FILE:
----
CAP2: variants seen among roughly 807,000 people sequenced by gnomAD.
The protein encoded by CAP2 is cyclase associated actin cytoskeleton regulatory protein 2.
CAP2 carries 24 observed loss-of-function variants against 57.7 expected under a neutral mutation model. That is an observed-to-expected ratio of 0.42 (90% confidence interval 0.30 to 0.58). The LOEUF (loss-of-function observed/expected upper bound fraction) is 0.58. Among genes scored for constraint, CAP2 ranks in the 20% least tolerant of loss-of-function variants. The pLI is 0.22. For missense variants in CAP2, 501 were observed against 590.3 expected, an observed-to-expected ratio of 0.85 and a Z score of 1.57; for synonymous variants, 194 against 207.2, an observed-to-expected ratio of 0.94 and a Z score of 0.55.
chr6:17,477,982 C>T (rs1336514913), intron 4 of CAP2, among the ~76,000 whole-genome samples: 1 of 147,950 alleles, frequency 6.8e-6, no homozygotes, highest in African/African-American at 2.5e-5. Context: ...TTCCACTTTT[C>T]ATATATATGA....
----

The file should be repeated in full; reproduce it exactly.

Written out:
CAP2: variants seen among roughly 807,000 people sequenced by gnomAD.
The protein encoded by CAP2 is cyclase associated actin cytoskeleton regulatory protein 2.
CAP2 carries 24 observed loss-of-function variants against 57.7 expected under a neutral mutation model. That is an observed-to-expected ratio of 0.42 (90% confidence interval 0.30 to 0.58). The LOEUF (loss-of-function observed/expected upper bound fraction) is 0.58. Among genes scored for constraint, CAP2 ranks in the 20% least tolerant of loss-of-function variants. The pLI is 0.22. For missense variants in CAP2, 501 were observed against 590.3 expected, an observed-to-expected ratio of 0.85 and a Z score of 1.57; for synonymous variants, 194 against 207.2, an observed-to-expected ratio of 0.94 and a Z score of 0.55.
chr6:17,477,982 C>T (rs1336514913), intron 4 of CAP2, among the ~76,000 whole-genome samples: 1 of 147,950 alleles, frequency 6.8e-6, no homozygotes, highest in African/African-American at 2.5e-5. Context: ...TTCCACTTTT[C>T]ATATATATGA....